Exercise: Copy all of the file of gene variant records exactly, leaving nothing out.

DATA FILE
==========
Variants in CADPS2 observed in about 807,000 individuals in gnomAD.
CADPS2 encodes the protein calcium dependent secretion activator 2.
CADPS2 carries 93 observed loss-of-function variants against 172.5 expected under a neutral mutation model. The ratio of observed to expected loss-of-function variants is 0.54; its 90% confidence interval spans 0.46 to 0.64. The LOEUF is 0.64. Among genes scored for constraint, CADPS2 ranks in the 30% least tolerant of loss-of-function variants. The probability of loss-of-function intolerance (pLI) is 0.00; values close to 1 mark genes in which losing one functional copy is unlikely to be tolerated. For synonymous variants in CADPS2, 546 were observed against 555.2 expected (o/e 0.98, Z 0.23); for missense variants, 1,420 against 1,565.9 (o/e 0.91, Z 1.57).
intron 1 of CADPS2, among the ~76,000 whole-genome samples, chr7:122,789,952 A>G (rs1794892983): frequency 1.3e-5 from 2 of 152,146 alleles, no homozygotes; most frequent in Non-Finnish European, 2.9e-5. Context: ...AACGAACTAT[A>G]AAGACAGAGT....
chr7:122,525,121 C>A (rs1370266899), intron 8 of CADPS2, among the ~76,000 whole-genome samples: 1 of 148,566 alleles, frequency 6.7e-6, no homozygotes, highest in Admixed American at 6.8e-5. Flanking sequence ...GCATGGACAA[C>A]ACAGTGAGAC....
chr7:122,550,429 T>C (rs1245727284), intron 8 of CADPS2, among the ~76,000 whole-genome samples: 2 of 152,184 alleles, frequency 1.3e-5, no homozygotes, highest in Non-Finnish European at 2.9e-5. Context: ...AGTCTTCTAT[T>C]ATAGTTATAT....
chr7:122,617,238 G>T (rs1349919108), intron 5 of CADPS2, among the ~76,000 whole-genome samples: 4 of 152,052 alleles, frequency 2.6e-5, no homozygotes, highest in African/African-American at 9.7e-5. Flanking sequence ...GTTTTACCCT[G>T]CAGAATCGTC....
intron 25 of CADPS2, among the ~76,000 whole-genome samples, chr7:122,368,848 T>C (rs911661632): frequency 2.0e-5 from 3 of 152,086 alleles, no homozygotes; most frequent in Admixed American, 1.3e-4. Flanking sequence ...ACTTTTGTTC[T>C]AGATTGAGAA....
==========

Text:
Variants in CADPS2 observed in about 807,000 individuals in gnomAD.
CADPS2 encodes the protein calcium dependent secretion activator 2.
CADPS2 carries 93 observed loss-of-function variants against 172.5 expected under a neutral mutation model. The ratio of observed to expected loss-of-function variants is 0.54; its 90% confidence interval spans 0.46 to 0.64. The LOEUF is 0.64. Among genes scored for constraint, CADPS2 ranks in the 30% least tolerant of loss-of-function variants. The probability of loss-of-function intolerance (pLI) is 0.00; values close to 1 mark genes in which losing one functional copy is unlikely to be tolerated. For synonymous variants in CADPS2, 546 were observed against 555.2 expected (o/e 0.98, Z 0.23); for missense variants, 1,420 against 1,565.9 (o/e 0.91, Z 1.57).
intron 1 of CADPS2, among the ~76,000 whole-genome samples, chr7:122,789,952 A>G (rs1794892983): frequency 1.3e-5 from 2 of 152,146 alleles, no homozygotes; most frequent in Non-Finnish European, 2.9e-5. Context: ...AACGAACTAT[A>G]AAGACAGAGT....
chr7:122,525,121 C>A (rs1370266899), intron 8 of CADPS2, among the ~76,000 whole-genome samples: 1 of 148,566 alleles, frequency 6.7e-6, no homozygotes, highest in Admixed American at 6.8e-5. Flanking sequence ...GCATGGACAA[C>A]ACAGTGAGAC....
chr7:122,550,429 T>C (rs1245727284), intron 8 of CADPS2, among the ~76,000 whole-genome samples: 2 of 152,184 alleles, frequency 1.3e-5, no homozygotes, highest in Non-Finnish European at 2.9e-5. Context: ...AGTCTTCTAT[T>C]ATAGTTATAT....
chr7:122,617,238 G>T (rs1349919108), intron 5 of CADPS2, among the ~76,000 whole-genome samples: 4 of 152,052 alleles, frequency 2.6e-5, no homozygotes, highest in African/African-American at 9.7e-5. Flanking sequence ...GTTTTACCCT[G>T]CAGAATCGTC....
intron 25 of CADPS2, among the ~76,000 whole-genome samples, chr7:122,368,848 T>C (rs911661632): frequency 2.0e-5 from 3 of 152,086 alleles, no homozygotes; most frequent in Admixed American, 1.3e-4. Flanking sequence ...ACTTTTGTTC[T>C]AGATTGAGAA....